A map of the Great Limpopo Transfrontier Park, where one of its key elements  the Limpopo National Park in Mozambique  has been stripped of all its 300-odd rhinos by poachers, some of them believed to be rangers in the park. Graphic: Rowan Abrahams

Cape Town - Mozambique’s Limpopo National Park – a key element in the Great Limpopo Transfrontier Park, or peace park – has been stripped of all its 300-odd rhinos by poachers, with the last remaining 15 animals believed to have been killed last month.

Many of the rangers in this national park, which adjoins the Kruger National Park, appear to have been involved in the massacre, according to local Mozambican media reports that were picked up by other news media sources.

One of these reports – quoted in the Rhino War News Bulletin run by Tim Condon, a former KwaZulu-Natal game ranger now based in Canada – states:

“Antonio Abacar, the administrator of Limpopo National Park, told local media that 30 rangers are to be taken to court soon after their cases are ready. There used to be 300 rhinos in the conservation area bordering South Africa. He said the last 15 rhinos were killed last month.”

The Great Limpopo Transfrontier Park, which straddles the borders of Mozambique, South Africa and Zimbabwe, was signed to acclaim by the heads of these three states on December 9, 2002.

It includes some of the best established wildlife areas in southern Africa, including Kruger and Zimbabwe’s Gonarezhou National Park, and forms a huge conservation area of 35 000km2 – about the size of the Netherlands – that is supposed to be managed as an integrated unit across the three international boundaries.

A second phase of this ambitious project, which is due to include Mozambique’s Banhine and Zinave national parks, will make the park almost 100 000km2 in extent, making it “the world’s greatest animal kingdom”, according to the Peace Parks Foundation.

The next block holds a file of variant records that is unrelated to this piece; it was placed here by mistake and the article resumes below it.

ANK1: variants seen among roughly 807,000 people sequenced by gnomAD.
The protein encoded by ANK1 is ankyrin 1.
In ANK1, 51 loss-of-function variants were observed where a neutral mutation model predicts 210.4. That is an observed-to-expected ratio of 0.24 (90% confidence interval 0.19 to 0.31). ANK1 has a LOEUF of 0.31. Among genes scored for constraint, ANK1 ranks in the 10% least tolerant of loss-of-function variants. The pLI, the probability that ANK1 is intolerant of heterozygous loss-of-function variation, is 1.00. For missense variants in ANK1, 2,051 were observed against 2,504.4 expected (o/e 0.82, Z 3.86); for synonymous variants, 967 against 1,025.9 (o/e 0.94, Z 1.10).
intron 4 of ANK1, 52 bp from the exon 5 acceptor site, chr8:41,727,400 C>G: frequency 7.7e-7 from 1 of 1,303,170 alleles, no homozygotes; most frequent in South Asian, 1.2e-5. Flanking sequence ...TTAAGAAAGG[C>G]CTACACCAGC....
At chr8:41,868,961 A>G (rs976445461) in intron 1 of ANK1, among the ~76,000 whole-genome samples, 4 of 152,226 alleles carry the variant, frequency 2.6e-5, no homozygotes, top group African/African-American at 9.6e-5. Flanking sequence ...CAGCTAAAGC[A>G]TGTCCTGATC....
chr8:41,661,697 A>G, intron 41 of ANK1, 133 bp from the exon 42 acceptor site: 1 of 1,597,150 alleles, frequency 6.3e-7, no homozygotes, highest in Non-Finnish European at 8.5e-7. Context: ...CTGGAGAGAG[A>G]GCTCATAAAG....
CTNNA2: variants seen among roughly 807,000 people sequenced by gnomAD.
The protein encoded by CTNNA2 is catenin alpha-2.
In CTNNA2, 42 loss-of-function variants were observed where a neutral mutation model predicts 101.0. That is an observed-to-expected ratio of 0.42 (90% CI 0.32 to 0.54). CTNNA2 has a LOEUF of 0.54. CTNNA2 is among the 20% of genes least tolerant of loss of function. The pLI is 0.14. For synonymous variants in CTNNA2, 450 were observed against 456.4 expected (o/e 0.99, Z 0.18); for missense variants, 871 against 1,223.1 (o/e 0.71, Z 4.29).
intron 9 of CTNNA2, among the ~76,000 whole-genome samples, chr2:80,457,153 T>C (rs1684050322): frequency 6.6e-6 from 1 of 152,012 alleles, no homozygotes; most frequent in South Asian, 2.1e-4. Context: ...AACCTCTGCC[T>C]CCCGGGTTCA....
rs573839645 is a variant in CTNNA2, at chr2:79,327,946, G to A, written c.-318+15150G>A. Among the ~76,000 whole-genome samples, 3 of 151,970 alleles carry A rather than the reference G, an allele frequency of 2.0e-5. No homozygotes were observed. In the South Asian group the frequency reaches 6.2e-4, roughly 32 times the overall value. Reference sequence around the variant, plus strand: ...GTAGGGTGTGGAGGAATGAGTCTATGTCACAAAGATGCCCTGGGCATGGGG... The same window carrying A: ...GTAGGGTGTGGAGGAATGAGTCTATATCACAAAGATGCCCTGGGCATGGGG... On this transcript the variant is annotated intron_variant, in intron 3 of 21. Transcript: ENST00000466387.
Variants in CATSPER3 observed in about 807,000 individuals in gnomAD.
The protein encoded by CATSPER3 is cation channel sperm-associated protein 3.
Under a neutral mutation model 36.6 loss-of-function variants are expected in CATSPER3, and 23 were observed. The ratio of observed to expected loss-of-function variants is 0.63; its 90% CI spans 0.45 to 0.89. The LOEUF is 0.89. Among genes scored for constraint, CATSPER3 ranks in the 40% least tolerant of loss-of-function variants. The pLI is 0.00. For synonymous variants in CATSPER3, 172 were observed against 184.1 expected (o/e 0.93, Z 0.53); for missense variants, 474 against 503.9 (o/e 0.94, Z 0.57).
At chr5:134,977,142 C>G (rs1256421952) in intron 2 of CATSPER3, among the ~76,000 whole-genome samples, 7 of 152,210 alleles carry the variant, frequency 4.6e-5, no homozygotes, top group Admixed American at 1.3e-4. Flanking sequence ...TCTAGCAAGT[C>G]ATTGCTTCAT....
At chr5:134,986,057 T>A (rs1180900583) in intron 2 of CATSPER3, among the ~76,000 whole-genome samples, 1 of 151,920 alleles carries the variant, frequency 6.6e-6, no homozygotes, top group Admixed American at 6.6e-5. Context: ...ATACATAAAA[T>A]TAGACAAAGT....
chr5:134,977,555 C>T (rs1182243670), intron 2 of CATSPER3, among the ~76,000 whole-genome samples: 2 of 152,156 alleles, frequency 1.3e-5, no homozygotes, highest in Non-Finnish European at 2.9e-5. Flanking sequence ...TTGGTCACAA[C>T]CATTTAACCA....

In 2006 the Giriyondo Access Facility between the Kruger and Limpopo national parks was opened. Some 5 000 animals were translocated from Kruger to Limpopo National Park, and about 50km of fence was dropped to encouraged more movement.

But because of what is described in Condon’s Bulletin as the “rhino apocalypse”, South Africa is in the process of re-erecting the fence as part of its anti-poaching efforts.

The news from Mozambique coincides with the disclosure by the national Department of Environmental Affairs that the number of rhino poached in South Africa since the beginning of the year has jumped to 249.

The Kruger National Park remains hardest hit, with a jump in the number of animals killed from 167 to 180 in the last week. Rhinos have also been poached in four other provinces: 21 in North West, 18 in KwaZulu-Natal, 17 in Limpopo and 13 in Mpumalanga. Last year, at least 668 rhinos were killed for their horns.

The number of alleged poachers arrested countrywide has increased to 78, with two alleged couriers arrested in KwaZulu-Natal in the past week. This brings to five the number of alleged middlemen arrested so far this year.

A total of 73 people are facing poaching-related charges and some additional charges of illegal possession of firearms and ammunition.


l Any poaching information can be sent to the anonymous tip-off lines 0800 205 005, 08600 10111 or Crime-Line on 32211. - Cape Argus